Passenger rail could be making a substantial comeback
Passenger rail was the best way to travel long distances 100 years ago. In the 20th and early 21st centuries, rail has been the exception rather than the rule. But in the wake of rising gas prices and reduced mobility, transportation planners are now looking at this venerable travel mode in a completely new light.
After the development of the highway system, automobile travel exploded while rail and other transit ridership fell. Texas congestion problems were solved by building new roads or expanding the ones we had. But since at least the mid-1990s, many Texas cities are running out of real estate for highway expansion, and funding for new road construction is limited. Combine that with an ever-increasing population, and you get an estimated 350,000 additional passenger vehicles on Texas roads each year. That’s a recipe for a crisis—imagine what the traffic will be like after we double our population over the next 30 to 40 years.
To be fair, the recent high cost of gasoline has relieved some of the pressure as a small percentage of motorists have turned to other options such as public transit, telecommuting, carpooling and high-occupancy vehicle (HOV) lanes. However, experts agree that any congestion relief will be short lived because population increases will more than fill in the gaps. Most believe that the solution lies in providing alternatives, including passenger rail.
“There has been a greater interest nationally in commuter and intercity rail,” according to Jeff Arndt, a research scientist with the Transit Mobility Program at the Texas Transportation Institute (TTI). “It’s an alternative that should be considered. Not because it will mean automatic congestion relief, but because we have to accommodate travel demand using as many options as possible…buses, carpools, HOV lanes, managed lanes, rail, even alternative work weeks and telecommuting, along with the traditional solution of expanding and building new roads.”
Two definitions are crucial in understanding the main types of passenger rail. “Commuter rail” is considered medium-haul rail passenger service operating in and between metropolitan and suburban areas, running mostly during morning and evening peak periods. “Intercity rail” is express train passenger services that cover longer distances than commuter trains. The Trinity Railway Express is an example of commuter rail, while Amtrak service between Dallas/Fort Worth and San Antonio is an example of intercity rail.
Arndt recently completed a light/commuter rail project for the Texas Department of Transportation (TxDOT), the results of which will be published this year. The research effort examines two areas: rail projects around the country focusing on the roles played by departments of transportation (DOTs) and how rail projects achieve the five strategic goals of TxDOT.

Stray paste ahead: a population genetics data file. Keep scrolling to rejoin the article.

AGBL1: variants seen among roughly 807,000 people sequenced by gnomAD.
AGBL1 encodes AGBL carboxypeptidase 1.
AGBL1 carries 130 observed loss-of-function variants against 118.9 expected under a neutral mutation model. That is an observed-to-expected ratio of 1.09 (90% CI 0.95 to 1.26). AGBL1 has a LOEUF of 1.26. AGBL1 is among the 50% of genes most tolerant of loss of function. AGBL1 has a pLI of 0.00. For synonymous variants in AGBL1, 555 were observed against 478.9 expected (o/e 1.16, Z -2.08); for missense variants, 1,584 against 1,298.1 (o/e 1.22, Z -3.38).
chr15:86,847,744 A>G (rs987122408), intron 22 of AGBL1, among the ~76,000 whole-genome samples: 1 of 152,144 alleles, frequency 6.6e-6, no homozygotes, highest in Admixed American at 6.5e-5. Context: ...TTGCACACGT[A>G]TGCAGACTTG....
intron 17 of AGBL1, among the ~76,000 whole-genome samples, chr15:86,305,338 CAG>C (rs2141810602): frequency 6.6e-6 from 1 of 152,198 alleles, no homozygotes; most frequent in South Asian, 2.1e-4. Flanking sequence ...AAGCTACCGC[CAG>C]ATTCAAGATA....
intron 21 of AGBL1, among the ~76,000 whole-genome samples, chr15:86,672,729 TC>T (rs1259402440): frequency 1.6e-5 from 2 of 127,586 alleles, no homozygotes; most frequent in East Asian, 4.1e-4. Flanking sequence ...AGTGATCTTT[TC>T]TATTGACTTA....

“TxDOT has traditionally played a catalyst role in the consideration of commuter rail projects for Texas by funding feasibility studies,” Arndt says. “This project looks at additional roles that TxDOT may wish to undertake.”
In an August speech at the Texas Transportation Summit in Irving, Texas, TxDOT Executive Director Amadeo Saenz told attendees that the state has partnered with Amtrak to study the feasibility of providing additional intercity passenger rail service between Austin and San Antonio.
“Amtrak already operates one train in the corridor—the Texas Eagle—which travels between San Antonio and Chicago,” Saenz said. “TxDOT wants to provide more reliable service in the corridor while allowing passenger and freight trains to operate on the same route.”
Saenz announced that TxDOT recently applied for $3.5 million in federal funding for an Amtrak rerouting project in Fort Worth. “The federal government is looking for states to play a larger role in improving intercity passenger rail systems and networks. And they’ve provided some—but not all—of the funding needed toward that end,” he said.
So…how do we create an intercity passenger rail system? How much will it cost and how do we pay for it? Can passenger rail and freight rail interact? In an earlier 2005 project, TTI sought to answer these and other questions. That effort analyzed four states: California, North Carolina, Pennsylvania and Virginia. It also looked at one multi-state corridor, the Pacific Northwest Rail Corridor of Washington and Oregon.
“Some of the rail programs were completely state owned; others were partnerships with Amtrak,” says Curtis Morgan, assistant research scientist and program manager of TTI’s Multimodal Freight Transportation Program. “Some had multiple routes of higher speed corridors connecting the major urban areas of the state, while others were partnerships between freight railroads and state DOTs.”
Researchers examined the numerous funding methods of those rail projects, including state bond and general funds, local and federal funds, and a combination of monies from Amtrak and private freight railroad company sources. Researchers offered numerous recommendations for TxDOT to consider when making the decisions regarding investment in intercity passenger rail.
TxDOT has also funded an ongoing research project, led by Morgan, that is evaluating future intercity transit needs throughout Texas where passenger rail or express bus services may one day be realized.
“Implementing intercity passenger rail is obviously a huge undertaking,” Morgan says. “Funding is perhaps the biggest concern, but developing the system without impacting freight rail lines, we think, is an important element. It will take a lot of planning and cooperation, but in my view, it’s essential and worth pursuing.”